McKinsey & Co. is one of main promoters of the myth that REDD will be cheap. In 2009, Carter Bales, an emeritus director at McKinsey said that, “You can do this forestry work without technology risk, without hard infrastructure costs, there are some soft infrastructure costs in terms of readiness for these countries, and at very low cost relative to other abatement options.”
Bales is also a trustee of The Nature Conservancy and was on the advisory council of the Princes Rainforest Trust. Clearly a man of some influence in REDD circles, then. But he hugely underestimated both the cost of REDD and the difficulties of implementing it.
This is clearly demonstrated in a 2009 report that McKinsey produced on REDD in the Democratic Republic of Congo. The hastily produced report appeared to confirm that REDD would be low cost and, to anyone who has looked at the political realities in DR Congo, surprisingly easy to implement.
In a recent post on Global Policy, David Ritter makes some suggestions to explain how McKinsey could have got it so wrong. Ritter is Head of Biodiversity Campaigns at Greenpeace UK – this post is written in a personal capacity.
McKinsey Again: The Consultants and the Congo
David Ritter – 5th May 2011
The Democratic Republic of Congo, one of the successor states to the European colonial empires of sub-Saharan Africa, contains staggering natural resources – including the second largest remaining block of intact rainforests one earth. On the face of it, the DRC (profiled by the CIA here) should be one of the primary targets for the emerging global REDD mechanism – the international scheme to reduce carbon emissions from deforestation and degradation of forests.
Back in 2009, the global consultancy firm McKinsey was commissioned to produce a study of DRC’s REDD potential. Despite McKinsey’s nearest African outpost being more than 1500 kilometres away from the DRC’s capital, Kinshasa, the consultants quickly got to work, allegedly producing a report in a mere five weeks. That report is now forming the basis of the DRC’s approach to REDD. The DRC’s Environment Minister Jose Endundo recently confirmed that his government simply ‘adopted the McKinsey scenarios’ that were presumably put together in that five week period.
The DRC is not only enormous – the twelfth largest nation on Earth – but is home to more than 200 ethnic groups, and has been the site of a bewildering array of internal and transnational conflicts over the last fifteen years, which are some times referred to as ‘Africa’s World War’. As The Economist highlighted last week, five million people have been killed in wars that defy simple understanding and which continue to persist in the east of the country.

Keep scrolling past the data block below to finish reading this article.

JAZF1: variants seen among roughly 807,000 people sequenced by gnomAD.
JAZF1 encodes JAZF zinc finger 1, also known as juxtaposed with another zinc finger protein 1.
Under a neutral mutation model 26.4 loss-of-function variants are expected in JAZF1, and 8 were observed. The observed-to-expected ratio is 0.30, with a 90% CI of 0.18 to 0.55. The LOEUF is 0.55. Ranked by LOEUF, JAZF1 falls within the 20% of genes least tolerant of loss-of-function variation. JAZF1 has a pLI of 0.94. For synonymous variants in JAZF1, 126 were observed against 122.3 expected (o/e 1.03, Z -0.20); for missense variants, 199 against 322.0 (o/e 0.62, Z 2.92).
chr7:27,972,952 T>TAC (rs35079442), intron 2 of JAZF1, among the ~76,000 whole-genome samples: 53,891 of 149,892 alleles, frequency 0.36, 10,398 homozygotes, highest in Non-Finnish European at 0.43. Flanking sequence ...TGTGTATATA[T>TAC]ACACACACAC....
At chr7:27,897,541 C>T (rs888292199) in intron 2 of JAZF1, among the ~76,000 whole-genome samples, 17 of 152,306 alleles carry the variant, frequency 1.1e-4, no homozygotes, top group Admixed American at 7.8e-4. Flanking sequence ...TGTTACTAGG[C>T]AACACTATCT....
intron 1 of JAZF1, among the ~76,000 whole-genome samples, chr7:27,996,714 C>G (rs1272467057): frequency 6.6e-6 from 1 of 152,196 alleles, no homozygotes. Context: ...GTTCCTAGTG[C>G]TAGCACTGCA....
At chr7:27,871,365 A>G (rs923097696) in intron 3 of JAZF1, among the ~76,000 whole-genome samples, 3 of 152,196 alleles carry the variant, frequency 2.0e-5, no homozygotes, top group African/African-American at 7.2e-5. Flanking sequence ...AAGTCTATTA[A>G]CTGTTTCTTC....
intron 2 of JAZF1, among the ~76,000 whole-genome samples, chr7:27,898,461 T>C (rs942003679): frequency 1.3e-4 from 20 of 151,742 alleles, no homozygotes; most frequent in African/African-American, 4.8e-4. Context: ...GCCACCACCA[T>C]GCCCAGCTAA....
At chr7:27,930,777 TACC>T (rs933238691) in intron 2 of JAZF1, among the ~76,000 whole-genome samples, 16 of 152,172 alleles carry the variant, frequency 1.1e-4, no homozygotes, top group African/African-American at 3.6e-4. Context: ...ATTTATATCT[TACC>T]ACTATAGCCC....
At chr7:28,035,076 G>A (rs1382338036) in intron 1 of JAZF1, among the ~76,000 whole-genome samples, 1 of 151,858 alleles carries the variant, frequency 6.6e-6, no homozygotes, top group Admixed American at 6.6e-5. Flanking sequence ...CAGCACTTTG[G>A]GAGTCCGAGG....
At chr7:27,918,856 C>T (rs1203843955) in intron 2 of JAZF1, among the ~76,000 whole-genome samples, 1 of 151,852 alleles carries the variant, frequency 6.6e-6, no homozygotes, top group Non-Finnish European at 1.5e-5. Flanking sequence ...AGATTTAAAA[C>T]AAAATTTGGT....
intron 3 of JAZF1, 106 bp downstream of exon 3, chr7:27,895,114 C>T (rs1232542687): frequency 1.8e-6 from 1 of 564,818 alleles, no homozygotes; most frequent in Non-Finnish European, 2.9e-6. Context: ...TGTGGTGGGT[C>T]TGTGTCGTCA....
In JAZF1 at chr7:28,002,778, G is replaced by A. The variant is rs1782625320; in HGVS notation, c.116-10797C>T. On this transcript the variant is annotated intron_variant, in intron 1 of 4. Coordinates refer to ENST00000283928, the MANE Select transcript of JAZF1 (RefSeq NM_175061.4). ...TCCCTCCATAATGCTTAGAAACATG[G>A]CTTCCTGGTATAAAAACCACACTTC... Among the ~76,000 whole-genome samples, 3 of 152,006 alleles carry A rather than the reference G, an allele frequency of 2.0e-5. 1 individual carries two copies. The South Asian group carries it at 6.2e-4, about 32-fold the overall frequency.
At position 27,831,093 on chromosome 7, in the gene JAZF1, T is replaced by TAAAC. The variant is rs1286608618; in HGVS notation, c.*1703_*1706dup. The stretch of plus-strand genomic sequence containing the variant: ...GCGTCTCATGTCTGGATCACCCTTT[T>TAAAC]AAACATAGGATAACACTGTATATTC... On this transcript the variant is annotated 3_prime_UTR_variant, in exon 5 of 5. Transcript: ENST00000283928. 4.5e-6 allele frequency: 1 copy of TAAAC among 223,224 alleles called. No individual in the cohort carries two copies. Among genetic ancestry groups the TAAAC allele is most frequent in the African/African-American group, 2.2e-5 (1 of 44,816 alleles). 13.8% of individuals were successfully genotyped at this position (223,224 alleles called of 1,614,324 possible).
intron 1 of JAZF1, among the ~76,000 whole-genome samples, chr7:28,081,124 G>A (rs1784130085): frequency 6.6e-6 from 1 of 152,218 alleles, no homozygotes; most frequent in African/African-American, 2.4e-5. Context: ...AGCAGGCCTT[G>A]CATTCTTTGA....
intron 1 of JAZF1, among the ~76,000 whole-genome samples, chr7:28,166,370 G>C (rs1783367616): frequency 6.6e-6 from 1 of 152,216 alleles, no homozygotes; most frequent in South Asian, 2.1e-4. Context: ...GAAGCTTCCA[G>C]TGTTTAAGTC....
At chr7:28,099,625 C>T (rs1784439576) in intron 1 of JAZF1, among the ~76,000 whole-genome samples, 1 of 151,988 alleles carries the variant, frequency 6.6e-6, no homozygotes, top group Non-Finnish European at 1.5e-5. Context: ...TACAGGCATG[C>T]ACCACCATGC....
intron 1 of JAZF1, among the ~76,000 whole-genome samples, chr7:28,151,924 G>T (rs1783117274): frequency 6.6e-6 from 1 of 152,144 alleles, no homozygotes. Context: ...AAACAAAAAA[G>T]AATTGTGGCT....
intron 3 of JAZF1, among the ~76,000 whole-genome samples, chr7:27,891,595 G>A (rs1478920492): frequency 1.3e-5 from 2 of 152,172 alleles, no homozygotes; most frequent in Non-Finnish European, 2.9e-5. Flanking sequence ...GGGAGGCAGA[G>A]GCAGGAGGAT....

In order for REDD to work, effective forest governance is essential, necessarily including the establishment of reliable baselines, effectual monitoring, reporting, verification (MRV), and law enforcement. It should be impossible to overlook just how difficult it will be to secure a functioning REDD scheme in the DRC. Yet despite this, the McKinsey influenced DRC REDD plan:
seems blissfully unaware of the scale of the challenges: it talks of ‘finalising’ institutional reform as if this system was more or less ready to go, and blithely notes in one sentence the need to provide MRV bodies with adequate financial and human resources (quoting from here).
It is genuinely puzzling: how did the McKinsey influenced approach end up adopting such a blasé attitude to the DRC’s phenomenal real world problems? Perhaps one source of the chasm between the plan and the reality can be found in the McKinsey mentalité. According to McKinsey:
Our scale, scope, and knowledge allow us to address problems that no one else can.
Any common law lawyers reading this blog will be familiar with the notion of ‘mere puffery’. To adopt a definition applied in one US case, puffery typically involves:
exaggerated, vague, or loosely optimistic statements about a company that are deemed so immaterial and unworthy of reliance that they cannot serve as the basis for liability. The difference between a statement of fact and mere puffery rests in the specificity or generality of the claim.
McKinsey’s claim to problem solving powers that are uniquely superior to everyone else and every other organisation on earth is classic puffery. But to dismiss McKinsey’s declaration of the firm’s own specialness as mere corporate self-aggrandizement for marketing purposes is to overlook the overarching power dynamics at work.
Imperialism – to take a usefully broad definition offered by the late Edward Said – is ‘the practice, the theory and the attitudes of a dominating metropolitan centre ruling a distant territory’. Despite their claims to disinterested objectivity McKinsey’s approach clearly embodies a certain set of normative values and a particular political economy. When combined with their level self-assurance – McKinsey confidently believe they recruit only ‘the best people’ – and closeness to global elites, we have a construction of knowledge and power that is distinctly imperial in nature.
It should perhaps come as no surprise then that some of the outcomes also look distinctly imperial:
The assumption – made explicit in the DRC study – is that commercial agriculture is a desirable norm to which forest dwellers would obviously want to ‘evolve’, if only circumstances would permit. There is no mention of people’s right to free, prior and informed consent or how forest people who do not wish to comply with these plans will be dealt with.
None of this criticism implies an argument that the global community should not try and implement a mechanism to tackle deforestation in the DRC – or anywhere else for that matter. Nor is it being argued that external advisers can’t play a constructive role in developing nations per se. But REDD policy that is the product of an imperial mindset is unlikely to be effective and may well produce highly perverse outcomes.